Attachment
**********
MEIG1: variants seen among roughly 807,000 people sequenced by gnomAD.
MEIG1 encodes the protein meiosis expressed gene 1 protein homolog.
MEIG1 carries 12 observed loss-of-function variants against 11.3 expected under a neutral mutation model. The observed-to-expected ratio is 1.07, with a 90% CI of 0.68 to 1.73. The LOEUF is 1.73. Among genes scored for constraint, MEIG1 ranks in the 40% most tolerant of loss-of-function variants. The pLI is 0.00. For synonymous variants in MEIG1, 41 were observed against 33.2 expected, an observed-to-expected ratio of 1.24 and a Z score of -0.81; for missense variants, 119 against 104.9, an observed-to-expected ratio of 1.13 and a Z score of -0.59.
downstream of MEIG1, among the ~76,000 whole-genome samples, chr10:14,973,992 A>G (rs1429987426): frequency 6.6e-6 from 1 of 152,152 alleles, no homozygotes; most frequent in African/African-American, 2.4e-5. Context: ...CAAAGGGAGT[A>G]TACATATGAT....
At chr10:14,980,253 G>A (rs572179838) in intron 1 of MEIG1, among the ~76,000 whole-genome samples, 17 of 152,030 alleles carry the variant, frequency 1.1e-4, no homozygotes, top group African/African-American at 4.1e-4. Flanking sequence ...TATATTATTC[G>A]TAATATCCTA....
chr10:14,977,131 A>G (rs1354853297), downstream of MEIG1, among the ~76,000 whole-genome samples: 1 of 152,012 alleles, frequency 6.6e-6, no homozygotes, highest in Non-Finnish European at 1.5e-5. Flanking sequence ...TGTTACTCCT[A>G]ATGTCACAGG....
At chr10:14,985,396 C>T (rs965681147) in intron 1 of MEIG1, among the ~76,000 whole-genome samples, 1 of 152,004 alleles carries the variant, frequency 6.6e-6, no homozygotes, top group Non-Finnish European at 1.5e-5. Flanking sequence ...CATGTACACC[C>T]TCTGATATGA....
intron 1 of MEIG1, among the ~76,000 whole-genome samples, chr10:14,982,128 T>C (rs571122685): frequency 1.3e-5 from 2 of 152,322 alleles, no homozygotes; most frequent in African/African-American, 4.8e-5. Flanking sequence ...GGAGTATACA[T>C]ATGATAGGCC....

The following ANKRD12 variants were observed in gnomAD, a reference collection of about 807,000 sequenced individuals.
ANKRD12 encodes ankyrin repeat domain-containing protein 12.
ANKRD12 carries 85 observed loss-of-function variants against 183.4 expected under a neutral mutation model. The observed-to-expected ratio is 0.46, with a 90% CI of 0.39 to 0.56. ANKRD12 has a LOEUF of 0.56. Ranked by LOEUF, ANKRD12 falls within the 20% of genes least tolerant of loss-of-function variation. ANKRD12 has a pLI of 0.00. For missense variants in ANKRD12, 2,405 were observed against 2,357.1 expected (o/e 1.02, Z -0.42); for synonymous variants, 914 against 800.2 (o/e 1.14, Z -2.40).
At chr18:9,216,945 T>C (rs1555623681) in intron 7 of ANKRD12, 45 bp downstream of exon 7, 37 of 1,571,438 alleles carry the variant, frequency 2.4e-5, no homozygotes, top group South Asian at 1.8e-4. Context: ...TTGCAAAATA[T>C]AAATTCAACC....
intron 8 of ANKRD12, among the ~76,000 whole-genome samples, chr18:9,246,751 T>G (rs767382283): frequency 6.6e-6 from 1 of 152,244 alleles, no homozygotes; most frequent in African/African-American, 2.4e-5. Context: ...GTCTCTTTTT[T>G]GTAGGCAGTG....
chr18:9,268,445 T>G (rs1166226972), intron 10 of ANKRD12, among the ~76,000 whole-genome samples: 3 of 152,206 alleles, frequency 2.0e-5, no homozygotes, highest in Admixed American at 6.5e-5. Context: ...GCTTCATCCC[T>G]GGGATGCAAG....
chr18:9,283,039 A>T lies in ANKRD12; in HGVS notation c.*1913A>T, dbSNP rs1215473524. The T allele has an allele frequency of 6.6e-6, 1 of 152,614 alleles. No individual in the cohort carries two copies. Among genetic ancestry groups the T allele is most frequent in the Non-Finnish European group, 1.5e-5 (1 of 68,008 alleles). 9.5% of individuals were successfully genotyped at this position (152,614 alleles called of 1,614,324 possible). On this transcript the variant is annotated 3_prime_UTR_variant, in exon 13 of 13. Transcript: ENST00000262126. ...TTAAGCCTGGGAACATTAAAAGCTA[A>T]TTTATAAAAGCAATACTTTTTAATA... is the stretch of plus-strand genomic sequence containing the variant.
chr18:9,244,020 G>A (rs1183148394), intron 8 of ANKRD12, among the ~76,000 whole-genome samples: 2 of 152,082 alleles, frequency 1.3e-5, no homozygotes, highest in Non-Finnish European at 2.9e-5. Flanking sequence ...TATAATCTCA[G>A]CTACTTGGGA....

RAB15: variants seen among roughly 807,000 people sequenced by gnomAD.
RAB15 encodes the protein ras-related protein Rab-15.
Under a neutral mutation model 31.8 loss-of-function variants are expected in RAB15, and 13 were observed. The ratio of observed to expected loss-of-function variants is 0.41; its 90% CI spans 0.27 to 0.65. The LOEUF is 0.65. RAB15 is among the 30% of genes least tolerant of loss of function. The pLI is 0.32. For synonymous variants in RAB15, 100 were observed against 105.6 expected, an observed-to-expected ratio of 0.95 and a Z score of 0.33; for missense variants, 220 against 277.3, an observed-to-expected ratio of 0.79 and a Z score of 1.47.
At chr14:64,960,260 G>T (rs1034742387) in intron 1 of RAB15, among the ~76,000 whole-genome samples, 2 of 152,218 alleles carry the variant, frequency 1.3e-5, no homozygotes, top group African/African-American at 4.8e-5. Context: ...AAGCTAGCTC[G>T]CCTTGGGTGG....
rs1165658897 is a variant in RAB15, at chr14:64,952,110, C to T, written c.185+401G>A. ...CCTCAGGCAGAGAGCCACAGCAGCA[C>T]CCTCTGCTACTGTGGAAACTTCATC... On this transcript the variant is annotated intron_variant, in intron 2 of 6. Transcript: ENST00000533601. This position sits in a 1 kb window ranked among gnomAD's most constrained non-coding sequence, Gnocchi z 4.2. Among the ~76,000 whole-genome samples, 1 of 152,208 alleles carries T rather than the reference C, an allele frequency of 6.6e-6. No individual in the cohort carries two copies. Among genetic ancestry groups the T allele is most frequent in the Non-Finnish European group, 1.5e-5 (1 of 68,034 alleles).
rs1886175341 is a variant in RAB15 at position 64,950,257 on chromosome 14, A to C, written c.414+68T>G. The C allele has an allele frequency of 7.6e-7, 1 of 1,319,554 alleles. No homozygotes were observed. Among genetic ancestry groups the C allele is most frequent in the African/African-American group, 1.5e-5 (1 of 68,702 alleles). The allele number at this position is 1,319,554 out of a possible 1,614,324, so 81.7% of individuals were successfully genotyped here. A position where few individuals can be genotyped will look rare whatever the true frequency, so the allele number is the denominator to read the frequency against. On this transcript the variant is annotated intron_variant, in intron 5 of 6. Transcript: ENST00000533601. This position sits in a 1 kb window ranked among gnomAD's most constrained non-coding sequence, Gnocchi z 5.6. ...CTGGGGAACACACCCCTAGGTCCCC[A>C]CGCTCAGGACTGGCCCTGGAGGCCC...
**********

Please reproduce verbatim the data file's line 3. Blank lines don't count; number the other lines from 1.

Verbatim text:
MEIG1 carries 12 observed loss-of-function variants against 11.3 expected under a neutral mutation model. The observed-to-expected ratio is 1.07, with a 90% CI of 0.68 to 1.73. The LOEUF is 1.73. Among genes scored for constraint, MEIG1 ranks in the 40% most tolerant of loss-of-function variants. The pLI is 0.00. For synonymous variants in MEIG1, 41 were observed against 33.2 expected, an observed-to-expected ratio of 1.24 and a Z score of -0.81; for missense variants, 119 against 104.9, an observed-to-expected ratio of 1.13 and a Z score of -0.59.